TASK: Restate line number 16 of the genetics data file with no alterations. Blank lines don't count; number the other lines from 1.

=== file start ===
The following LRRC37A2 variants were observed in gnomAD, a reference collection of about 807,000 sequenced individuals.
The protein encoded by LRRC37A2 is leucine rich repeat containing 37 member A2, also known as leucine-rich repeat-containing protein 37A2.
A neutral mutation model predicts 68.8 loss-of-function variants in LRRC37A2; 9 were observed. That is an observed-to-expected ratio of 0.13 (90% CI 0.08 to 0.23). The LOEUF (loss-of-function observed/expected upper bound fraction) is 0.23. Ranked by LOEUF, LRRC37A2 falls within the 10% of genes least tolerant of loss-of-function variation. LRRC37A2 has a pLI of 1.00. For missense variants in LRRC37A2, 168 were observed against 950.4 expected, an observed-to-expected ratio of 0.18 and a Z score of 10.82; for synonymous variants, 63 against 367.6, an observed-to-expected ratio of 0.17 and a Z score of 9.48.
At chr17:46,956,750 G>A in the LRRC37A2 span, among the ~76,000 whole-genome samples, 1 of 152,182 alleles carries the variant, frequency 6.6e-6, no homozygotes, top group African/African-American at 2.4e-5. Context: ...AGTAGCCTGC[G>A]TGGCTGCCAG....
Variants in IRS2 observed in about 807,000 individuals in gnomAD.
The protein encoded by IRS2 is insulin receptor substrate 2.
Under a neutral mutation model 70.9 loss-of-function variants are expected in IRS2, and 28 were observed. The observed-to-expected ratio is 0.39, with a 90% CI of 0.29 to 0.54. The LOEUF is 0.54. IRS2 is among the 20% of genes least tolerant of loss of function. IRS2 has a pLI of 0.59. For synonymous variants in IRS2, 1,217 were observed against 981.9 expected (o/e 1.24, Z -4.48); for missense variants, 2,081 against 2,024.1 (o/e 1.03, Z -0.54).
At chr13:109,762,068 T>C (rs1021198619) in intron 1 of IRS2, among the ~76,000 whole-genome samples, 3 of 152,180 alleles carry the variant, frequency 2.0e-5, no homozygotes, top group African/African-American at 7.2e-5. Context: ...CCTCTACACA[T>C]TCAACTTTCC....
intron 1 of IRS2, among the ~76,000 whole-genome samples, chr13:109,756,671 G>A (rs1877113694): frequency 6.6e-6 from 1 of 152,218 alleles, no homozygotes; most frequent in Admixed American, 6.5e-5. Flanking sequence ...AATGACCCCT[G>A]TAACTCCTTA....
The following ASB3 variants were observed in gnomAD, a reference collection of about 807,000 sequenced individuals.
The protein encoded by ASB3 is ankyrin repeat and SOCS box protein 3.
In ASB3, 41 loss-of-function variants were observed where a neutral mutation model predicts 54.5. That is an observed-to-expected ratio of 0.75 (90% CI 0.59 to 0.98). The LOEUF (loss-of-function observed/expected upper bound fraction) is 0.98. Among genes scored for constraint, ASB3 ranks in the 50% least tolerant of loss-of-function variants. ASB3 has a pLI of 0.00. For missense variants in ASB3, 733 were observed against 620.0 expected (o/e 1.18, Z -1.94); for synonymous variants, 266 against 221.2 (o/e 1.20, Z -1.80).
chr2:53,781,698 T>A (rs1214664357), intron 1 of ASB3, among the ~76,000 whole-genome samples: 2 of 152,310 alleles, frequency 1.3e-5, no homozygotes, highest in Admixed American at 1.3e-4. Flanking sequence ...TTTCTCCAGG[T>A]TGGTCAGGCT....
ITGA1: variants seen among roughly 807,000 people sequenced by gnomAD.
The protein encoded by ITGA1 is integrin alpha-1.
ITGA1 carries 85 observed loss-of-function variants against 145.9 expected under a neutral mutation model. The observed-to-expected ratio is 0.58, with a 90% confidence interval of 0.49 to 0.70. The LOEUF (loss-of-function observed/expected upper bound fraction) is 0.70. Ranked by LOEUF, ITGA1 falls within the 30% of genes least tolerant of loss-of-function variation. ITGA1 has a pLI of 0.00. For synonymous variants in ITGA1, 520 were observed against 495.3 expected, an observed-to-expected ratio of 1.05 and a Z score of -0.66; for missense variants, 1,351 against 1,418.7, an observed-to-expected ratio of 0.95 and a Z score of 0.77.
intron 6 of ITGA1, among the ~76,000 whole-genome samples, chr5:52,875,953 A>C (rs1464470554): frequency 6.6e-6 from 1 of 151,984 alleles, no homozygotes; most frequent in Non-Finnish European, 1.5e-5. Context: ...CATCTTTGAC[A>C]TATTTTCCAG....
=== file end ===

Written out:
ITGA1 carries 85 observed loss-of-function variants against 145.9 expected under a neutral mutation model. The observed-to-expected ratio is 0.58, with a 90% confidence interval of 0.49 to 0.70. The LOEUF (loss-of-function observed/expected upper bound fraction) is 0.70. Ranked by LOEUF, ITGA1 falls within the 30% of genes least tolerant of loss-of-function variation. ITGA1 has a pLI of 0.00. For synonymous variants in ITGA1, 520 were observed against 495.3 expected, an observed-to-expected ratio of 1.05 and a Z score of -0.66; for missense variants, 1,351 against 1,418.7, an observed-to-expected ratio of 0.95 and a Z score of 0.77.